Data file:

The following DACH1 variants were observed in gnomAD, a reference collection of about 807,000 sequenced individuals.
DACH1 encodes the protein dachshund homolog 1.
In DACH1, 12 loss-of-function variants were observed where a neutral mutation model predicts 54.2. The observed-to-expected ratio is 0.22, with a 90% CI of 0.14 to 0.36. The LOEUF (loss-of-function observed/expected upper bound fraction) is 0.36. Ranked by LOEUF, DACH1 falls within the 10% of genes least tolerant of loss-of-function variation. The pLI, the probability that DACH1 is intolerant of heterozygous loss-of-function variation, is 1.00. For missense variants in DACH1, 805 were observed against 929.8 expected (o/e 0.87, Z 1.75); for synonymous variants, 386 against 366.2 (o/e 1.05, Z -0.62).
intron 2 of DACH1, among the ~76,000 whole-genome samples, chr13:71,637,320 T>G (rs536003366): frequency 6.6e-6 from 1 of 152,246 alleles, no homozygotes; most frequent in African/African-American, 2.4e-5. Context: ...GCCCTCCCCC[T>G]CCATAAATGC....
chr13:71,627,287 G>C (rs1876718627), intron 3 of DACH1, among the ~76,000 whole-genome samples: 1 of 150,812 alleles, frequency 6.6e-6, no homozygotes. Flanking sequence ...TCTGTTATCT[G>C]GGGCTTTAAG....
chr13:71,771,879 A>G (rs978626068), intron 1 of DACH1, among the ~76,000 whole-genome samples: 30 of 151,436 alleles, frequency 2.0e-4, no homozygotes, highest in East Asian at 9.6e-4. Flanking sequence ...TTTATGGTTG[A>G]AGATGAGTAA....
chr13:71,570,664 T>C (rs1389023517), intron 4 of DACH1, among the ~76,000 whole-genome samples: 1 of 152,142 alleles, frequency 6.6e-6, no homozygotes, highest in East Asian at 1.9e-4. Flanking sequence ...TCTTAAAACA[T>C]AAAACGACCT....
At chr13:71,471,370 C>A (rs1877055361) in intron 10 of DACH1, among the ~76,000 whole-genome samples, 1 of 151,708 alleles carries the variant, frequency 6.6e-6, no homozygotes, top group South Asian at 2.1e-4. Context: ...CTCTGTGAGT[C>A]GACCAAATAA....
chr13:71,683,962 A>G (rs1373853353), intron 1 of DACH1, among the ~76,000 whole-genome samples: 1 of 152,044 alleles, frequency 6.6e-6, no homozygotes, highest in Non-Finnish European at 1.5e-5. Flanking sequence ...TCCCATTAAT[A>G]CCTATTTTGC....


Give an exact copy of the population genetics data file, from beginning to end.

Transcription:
The following DACH1 variants were observed in gnomAD, a reference collection of about 807,000 sequenced individuals.
DACH1 encodes the protein dachshund homolog 1.
In DACH1, 12 loss-of-function variants were observed where a neutral mutation model predicts 54.2. The observed-to-expected ratio is 0.22, with a 90% CI of 0.14 to 0.36. The LOEUF (loss-of-function observed/expected upper bound fraction) is 0.36. Ranked by LOEUF, DACH1 falls within the 10% of genes least tolerant of loss-of-function variation. The pLI, the probability that DACH1 is intolerant of heterozygous loss-of-function variation, is 1.00. For missense variants in DACH1, 805 were observed against 929.8 expected (o/e 0.87, Z 1.75); for synonymous variants, 386 against 366.2 (o/e 1.05, Z -0.62).
intron 2 of DACH1, among the ~76,000 whole-genome samples, chr13:71,637,320 T>G (rs536003366): frequency 6.6e-6 from 1 of 152,246 alleles, no homozygotes; most frequent in African/African-American, 2.4e-5. Context: ...GCCCTCCCCC[T>G]CCATAAATGC....
chr13:71,627,287 G>C (rs1876718627), intron 3 of DACH1, among the ~76,000 whole-genome samples: 1 of 150,812 alleles, frequency 6.6e-6, no homozygotes. Flanking sequence ...TCTGTTATCT[G>C]GGGCTTTAAG....
chr13:71,771,879 A>G (rs978626068), intron 1 of DACH1, among the ~76,000 whole-genome samples: 30 of 151,436 alleles, frequency 2.0e-4, no homozygotes, highest in East Asian at 9.6e-4. Flanking sequence ...TTTATGGTTG[A>G]AGATGAGTAA....
chr13:71,570,664 T>C (rs1389023517), intron 4 of DACH1, among the ~76,000 whole-genome samples: 1 of 152,142 alleles, frequency 6.6e-6, no homozygotes, highest in East Asian at 1.9e-4. Flanking sequence ...TCTTAAAACA[T>C]AAAACGACCT....
At chr13:71,471,370 C>A (rs1877055361) in intron 10 of DACH1, among the ~76,000 whole-genome samples, 1 of 151,708 alleles carries the variant, frequency 6.6e-6, no homozygotes, top group South Asian at 2.1e-4. Context: ...CTCTGTGAGT[C>A]GACCAAATAA....
chr13:71,683,962 A>G (rs1373853353), intron 1 of DACH1, among the ~76,000 whole-genome samples: 1 of 152,044 alleles, frequency 6.6e-6, no homozygotes, highest in Non-Finnish European at 1.5e-5. Flanking sequence ...TCCCATTAAT[A>G]CCTATTTTGC....